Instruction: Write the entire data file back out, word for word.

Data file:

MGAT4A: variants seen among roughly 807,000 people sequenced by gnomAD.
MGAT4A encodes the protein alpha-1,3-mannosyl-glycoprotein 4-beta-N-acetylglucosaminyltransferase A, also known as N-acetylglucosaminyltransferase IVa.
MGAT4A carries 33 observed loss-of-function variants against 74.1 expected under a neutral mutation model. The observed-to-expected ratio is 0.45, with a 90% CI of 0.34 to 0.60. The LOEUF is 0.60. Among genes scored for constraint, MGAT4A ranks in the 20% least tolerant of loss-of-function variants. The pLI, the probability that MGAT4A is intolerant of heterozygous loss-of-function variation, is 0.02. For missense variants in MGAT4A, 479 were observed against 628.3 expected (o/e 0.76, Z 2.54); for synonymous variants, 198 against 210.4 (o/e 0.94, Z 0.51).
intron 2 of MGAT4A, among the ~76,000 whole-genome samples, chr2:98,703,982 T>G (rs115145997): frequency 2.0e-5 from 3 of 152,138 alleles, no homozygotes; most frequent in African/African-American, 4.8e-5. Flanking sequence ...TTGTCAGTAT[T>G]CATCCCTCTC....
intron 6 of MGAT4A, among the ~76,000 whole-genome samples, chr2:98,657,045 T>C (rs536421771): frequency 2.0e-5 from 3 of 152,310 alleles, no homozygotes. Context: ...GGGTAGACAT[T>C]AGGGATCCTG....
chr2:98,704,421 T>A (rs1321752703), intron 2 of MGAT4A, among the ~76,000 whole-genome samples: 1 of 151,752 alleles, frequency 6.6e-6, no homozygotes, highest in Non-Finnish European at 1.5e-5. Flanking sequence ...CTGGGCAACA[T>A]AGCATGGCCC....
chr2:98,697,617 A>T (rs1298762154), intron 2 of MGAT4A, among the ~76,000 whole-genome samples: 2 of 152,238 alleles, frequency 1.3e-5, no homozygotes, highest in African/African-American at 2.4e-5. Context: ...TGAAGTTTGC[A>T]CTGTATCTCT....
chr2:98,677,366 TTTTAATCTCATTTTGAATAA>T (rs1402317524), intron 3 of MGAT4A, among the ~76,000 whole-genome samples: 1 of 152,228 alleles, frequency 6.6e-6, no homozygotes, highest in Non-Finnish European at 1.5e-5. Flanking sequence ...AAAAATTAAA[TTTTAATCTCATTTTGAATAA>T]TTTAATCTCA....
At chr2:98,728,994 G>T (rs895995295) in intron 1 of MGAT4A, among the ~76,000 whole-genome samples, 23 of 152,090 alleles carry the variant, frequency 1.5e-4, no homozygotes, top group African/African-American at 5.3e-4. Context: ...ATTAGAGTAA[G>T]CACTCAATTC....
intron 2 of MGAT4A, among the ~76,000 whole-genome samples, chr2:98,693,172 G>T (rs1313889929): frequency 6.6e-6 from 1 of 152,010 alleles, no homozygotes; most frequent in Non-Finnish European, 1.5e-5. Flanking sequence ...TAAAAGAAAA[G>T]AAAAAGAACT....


MGAT4A: variants seen among roughly 807,000 people sequenced by gnomAD.
MGAT4A encodes the protein alpha-1,3-mannosyl-glycoprotein 4-beta-N-acetylglucosaminyltransferase A, also known as N-acetylglucosaminyltransferase IVa.
MGAT4A carries 33 observed loss-of-function variants against 74.1 expected under a neutral mutation model. The observed-to-expected ratio is 0.45, with a 90% CI of 0.34 to 0.60. The LOEUF is 0.60. Among genes scored for constraint, MGAT4A ranks in the 20% least tolerant of loss-of-function variants. The pLI, the probability that MGAT4A is intolerant of heterozygous loss-of-function variation, is 0.02. For missense variants in MGAT4A, 479 were observed against 628.3 expected (o/e 0.76, Z 2.54); for synonymous variants, 198 against 210.4 (o/e 0.94, Z 0.51).
intron 2 of MGAT4A, among the ~76,000 whole-genome samples, chr2:98,703,982 T>G (rs115145997): frequency 2.0e-5 from 3 of 152,138 alleles, no homozygotes; most frequent in African/African-American, 4.8e-5. Flanking sequence ...TTGTCAGTAT[T>G]CATCCCTCTC....
intron 6 of MGAT4A, among the ~76,000 whole-genome samples, chr2:98,657,045 T>C (rs536421771): frequency 2.0e-5 from 3 of 152,310 alleles, no homozygotes. Context: ...GGGTAGACAT[T>C]AGGGATCCTG....
chr2:98,704,421 T>A (rs1321752703), intron 2 of MGAT4A, among the ~76,000 whole-genome samples: 1 of 151,752 alleles, frequency 6.6e-6, no homozygotes, highest in Non-Finnish European at 1.5e-5. Flanking sequence ...CTGGGCAACA[T>A]AGCATGGCCC....
chr2:98,697,617 A>T (rs1298762154), intron 2 of MGAT4A, among the ~76,000 whole-genome samples: 2 of 152,238 alleles, frequency 1.3e-5, no homozygotes, highest in African/African-American at 2.4e-5. Context: ...TGAAGTTTGC[A>T]CTGTATCTCT....
chr2:98,677,366 TTTTAATCTCATTTTGAATAA>T (rs1402317524), intron 3 of MGAT4A, among the ~76,000 whole-genome samples: 1 of 152,228 alleles, frequency 6.6e-6, no homozygotes, highest in Non-Finnish European at 1.5e-5. Flanking sequence ...AAAAATTAAA[TTTTAATCTCATTTTGAATAA>T]TTTAATCTCA....
At chr2:98,728,994 G>T (rs895995295) in intron 1 of MGAT4A, among the ~76,000 whole-genome samples, 23 of 152,090 alleles carry the variant, frequency 1.5e-4, no homozygotes, top group African/African-American at 5.3e-4. Context: ...ATTAGAGTAA[G>T]CACTCAATTC....
intron 2 of MGAT4A, among the ~76,000 whole-genome samples, chr2:98,693,172 G>T (rs1313889929): frequency 6.6e-6 from 1 of 152,010 alleles, no homozygotes; most frequent in Non-Finnish European, 1.5e-5. Flanking sequence ...TAAAAGAAAA[G>T]AAAAAGAACT....